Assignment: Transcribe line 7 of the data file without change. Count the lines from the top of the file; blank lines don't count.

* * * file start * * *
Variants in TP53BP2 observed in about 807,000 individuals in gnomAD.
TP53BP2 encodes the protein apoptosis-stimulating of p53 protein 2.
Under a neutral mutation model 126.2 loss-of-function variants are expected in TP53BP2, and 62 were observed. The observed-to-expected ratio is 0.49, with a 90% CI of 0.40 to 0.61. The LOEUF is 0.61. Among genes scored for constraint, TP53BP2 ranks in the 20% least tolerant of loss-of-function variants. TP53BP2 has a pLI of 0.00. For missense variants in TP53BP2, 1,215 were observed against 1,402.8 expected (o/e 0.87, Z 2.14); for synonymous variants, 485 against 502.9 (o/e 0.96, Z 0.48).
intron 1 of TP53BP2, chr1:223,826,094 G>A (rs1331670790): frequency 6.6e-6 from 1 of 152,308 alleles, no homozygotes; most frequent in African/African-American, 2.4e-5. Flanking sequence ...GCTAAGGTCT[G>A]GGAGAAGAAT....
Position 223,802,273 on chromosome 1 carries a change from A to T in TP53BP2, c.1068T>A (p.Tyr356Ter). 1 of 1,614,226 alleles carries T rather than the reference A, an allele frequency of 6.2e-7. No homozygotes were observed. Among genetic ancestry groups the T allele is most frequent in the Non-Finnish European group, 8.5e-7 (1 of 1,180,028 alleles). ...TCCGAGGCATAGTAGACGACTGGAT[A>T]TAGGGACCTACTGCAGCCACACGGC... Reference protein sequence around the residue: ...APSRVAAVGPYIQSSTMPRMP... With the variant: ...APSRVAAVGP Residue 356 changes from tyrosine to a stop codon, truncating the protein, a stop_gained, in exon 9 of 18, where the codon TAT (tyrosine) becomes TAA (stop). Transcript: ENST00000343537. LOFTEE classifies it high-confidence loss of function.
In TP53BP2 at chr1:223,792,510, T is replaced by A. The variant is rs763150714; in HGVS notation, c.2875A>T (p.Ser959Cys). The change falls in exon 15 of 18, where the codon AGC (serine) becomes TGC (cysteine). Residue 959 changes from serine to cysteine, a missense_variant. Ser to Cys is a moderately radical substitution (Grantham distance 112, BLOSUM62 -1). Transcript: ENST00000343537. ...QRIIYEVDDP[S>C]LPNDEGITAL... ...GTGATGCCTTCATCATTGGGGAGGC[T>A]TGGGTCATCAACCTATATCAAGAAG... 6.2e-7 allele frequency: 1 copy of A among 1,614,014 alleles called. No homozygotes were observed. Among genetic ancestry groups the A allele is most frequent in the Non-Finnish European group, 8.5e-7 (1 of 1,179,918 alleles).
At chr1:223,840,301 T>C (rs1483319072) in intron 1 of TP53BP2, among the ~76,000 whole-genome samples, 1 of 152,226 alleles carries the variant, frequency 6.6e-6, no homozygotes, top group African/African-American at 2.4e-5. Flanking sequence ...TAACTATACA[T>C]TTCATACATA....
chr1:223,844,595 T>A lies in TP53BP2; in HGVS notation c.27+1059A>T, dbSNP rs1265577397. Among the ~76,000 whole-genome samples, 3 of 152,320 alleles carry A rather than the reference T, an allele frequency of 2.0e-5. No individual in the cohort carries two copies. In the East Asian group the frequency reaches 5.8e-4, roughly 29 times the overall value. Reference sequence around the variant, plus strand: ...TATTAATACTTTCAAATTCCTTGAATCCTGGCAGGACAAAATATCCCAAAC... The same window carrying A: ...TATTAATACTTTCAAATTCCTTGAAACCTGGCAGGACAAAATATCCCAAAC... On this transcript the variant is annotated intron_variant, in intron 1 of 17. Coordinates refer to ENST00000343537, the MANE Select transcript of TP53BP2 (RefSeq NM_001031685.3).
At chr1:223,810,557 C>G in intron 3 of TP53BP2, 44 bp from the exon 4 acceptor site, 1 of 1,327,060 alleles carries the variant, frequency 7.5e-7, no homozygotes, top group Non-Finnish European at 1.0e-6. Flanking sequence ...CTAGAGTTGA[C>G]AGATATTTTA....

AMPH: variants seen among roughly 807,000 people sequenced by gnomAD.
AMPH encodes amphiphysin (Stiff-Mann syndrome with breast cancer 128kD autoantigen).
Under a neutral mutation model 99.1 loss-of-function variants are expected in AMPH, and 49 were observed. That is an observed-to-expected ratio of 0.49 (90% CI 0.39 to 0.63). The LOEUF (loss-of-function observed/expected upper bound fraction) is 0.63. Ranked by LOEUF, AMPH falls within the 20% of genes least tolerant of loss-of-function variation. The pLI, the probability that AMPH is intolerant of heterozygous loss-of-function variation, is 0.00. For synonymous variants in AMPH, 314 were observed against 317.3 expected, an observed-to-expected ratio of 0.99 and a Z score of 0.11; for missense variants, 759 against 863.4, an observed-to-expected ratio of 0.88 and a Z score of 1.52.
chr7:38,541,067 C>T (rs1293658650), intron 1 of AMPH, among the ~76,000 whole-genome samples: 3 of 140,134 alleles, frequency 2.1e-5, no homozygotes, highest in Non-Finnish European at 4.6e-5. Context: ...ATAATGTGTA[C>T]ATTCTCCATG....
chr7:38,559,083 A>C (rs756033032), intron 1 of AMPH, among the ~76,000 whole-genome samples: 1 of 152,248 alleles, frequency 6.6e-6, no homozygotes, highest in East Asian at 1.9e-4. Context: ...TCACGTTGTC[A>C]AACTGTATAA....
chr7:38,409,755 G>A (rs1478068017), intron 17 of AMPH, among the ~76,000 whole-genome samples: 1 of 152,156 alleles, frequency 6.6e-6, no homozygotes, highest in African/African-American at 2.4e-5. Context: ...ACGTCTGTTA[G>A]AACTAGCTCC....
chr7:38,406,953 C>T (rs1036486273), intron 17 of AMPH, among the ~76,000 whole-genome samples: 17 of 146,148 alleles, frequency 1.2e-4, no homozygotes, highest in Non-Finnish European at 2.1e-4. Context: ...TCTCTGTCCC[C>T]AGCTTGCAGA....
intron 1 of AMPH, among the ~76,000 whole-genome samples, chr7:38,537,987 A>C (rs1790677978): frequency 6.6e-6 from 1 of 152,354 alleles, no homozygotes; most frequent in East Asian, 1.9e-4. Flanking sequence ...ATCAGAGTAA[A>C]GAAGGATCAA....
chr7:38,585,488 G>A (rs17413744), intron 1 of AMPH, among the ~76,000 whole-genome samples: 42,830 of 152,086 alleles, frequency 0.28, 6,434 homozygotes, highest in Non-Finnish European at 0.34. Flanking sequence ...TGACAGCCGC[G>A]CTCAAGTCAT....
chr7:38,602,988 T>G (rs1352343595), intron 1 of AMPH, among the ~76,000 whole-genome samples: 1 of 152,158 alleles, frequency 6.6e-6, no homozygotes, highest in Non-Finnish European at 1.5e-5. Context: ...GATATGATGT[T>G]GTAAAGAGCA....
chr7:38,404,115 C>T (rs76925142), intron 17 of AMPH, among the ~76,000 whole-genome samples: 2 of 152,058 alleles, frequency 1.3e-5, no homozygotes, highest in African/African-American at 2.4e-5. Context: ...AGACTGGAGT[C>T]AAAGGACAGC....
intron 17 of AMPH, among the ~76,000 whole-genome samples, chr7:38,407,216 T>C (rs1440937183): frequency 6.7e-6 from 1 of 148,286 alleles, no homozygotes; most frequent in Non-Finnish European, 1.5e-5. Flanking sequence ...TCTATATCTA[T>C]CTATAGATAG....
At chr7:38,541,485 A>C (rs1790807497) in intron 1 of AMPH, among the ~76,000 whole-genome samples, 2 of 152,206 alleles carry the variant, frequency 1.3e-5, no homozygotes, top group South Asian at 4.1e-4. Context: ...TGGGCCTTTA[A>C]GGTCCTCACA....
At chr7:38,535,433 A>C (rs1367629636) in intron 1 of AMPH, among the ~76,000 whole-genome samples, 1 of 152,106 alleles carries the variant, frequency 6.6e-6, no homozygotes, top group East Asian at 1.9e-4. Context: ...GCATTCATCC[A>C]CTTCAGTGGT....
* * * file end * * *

At chr1:223,840,301 T>C (rs1483319072) in intron 1 of TP53BP2, among the ~76,000 whole-genome samples, 1 of 152,226 alleles carries the variant, frequency 6.6e-6, no homozygotes, top group African/African-American at 2.4e-5. Flanking sequence ...TAACTATACA[T>C]TTCATACATA....